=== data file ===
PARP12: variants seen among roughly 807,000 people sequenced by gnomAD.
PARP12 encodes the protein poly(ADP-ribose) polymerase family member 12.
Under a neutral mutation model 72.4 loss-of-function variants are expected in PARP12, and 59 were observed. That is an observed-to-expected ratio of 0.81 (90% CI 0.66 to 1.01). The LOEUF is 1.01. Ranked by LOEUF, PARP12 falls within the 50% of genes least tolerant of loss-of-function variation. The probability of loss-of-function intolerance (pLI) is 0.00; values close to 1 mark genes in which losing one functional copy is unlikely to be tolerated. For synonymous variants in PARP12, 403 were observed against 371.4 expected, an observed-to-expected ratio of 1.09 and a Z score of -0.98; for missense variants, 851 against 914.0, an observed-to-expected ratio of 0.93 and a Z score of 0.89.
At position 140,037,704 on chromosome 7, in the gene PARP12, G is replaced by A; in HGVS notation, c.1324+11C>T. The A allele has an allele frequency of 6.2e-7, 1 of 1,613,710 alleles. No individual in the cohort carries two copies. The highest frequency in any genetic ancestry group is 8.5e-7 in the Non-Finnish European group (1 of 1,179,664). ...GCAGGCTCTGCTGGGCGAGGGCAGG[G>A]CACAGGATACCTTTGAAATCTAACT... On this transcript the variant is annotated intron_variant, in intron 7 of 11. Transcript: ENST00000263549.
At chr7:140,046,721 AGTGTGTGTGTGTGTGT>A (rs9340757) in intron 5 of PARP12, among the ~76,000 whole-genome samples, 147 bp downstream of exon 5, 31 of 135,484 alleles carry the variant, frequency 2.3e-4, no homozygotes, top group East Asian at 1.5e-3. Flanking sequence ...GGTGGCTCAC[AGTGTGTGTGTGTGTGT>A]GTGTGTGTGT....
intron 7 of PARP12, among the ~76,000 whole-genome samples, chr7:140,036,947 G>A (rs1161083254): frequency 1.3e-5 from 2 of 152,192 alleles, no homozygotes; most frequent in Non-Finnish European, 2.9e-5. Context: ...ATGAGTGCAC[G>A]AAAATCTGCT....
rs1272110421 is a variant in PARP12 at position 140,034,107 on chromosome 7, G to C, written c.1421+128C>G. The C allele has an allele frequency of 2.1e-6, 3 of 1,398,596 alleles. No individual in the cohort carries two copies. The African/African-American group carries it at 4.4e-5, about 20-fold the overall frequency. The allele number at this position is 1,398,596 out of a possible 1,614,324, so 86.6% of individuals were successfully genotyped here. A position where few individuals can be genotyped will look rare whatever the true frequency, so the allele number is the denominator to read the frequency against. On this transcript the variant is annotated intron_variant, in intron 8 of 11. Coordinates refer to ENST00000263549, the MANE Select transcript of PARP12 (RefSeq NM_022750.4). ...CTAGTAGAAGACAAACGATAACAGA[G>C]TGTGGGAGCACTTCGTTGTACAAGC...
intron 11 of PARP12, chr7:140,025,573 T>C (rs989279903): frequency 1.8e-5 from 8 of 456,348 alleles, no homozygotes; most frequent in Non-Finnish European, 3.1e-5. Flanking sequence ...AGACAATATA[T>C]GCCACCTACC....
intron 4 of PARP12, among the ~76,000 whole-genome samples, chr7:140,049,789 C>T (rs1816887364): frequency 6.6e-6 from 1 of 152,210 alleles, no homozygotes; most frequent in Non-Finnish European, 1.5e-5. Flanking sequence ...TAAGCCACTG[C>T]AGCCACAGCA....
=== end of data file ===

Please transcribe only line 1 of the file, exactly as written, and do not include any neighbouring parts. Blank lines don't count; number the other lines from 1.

PARP12: variants seen among roughly 807,000 people sequenced by gnomAD.